Standing on the desert floor, looking up at the sheer magnitude of these natural stone bridges, one can’t help but think, I see sky where there should be rock. It seems impossible, absurd even, that something so large, so heavy, and so brittle should be practically floating hundreds of feet in the air. Horizontal pillars in the sky, they evoke an almost primal instinct that the world is very large, and we are very small.
These geological phenomena are formed through a deceivingly simple process of erosion. Water percolates through the cracks in the rock, and in the winter it freezes and expands, cracking and carving bits and pieces of the rock into natural arches. Over millions of years it becomes possible for even such dramatic structures as Kolob Arch, one of the largest arches in the world, to form.
Around 300 million of years ago the entire Colorado plateau was covered by an ancient sea. When it eventually dried up, it left behind unstable salt deposits within the Navajo sandstone that dominates this region. Eventually the salt deposits collapsed under the weight of the sandstone and pushed huge sections of rock upward, while entire sections sunk into the ground. That’s half the story of this rugged terrain; the other being the deftness of nature’s hand on this type of rock. Within a few miles, we find that Navajo sandstone is subtle enough to carve the winding grace of the narrows while strong enough to hold aloft the humbling Court of the Patriarchs.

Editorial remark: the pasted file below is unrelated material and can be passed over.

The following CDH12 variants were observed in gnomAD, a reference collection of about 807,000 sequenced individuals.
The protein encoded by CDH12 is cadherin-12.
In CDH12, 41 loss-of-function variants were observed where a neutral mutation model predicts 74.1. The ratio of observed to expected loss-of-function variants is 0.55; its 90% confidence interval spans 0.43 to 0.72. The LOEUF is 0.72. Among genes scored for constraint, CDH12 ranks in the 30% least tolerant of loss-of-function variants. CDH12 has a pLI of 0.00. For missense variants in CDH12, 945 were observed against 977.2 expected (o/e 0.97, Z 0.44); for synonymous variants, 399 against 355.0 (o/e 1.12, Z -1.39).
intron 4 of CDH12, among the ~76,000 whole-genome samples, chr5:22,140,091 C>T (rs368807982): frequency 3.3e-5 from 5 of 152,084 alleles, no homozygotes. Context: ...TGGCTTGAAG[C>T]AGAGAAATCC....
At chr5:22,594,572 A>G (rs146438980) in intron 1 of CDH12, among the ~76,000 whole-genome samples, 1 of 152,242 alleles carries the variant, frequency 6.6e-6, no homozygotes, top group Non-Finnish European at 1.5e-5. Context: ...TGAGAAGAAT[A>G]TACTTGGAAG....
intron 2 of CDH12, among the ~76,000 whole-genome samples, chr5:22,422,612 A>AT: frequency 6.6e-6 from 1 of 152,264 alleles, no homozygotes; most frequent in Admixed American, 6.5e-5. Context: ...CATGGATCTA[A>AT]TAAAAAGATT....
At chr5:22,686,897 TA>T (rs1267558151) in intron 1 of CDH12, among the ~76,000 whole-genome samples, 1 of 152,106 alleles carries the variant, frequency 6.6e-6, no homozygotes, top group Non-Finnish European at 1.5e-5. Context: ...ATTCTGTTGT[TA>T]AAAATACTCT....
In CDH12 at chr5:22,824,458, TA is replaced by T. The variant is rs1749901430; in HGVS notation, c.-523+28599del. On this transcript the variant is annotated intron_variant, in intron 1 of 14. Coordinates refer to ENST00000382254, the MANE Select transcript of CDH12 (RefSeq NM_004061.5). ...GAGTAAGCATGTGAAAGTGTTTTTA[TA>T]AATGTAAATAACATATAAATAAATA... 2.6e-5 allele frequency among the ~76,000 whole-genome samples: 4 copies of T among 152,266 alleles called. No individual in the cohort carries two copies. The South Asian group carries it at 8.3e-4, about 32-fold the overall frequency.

Utah honored the arch on its centennial license plate in 1996 with the image of Delicate Arch from Arches National Park. Three of its earliest national parks were set aside to protect the state’s arches: Natural Bridges National Monument (1908), Rainbow Bridge National Monument (1910), and Arches National (Monument in 1929) Park (1971).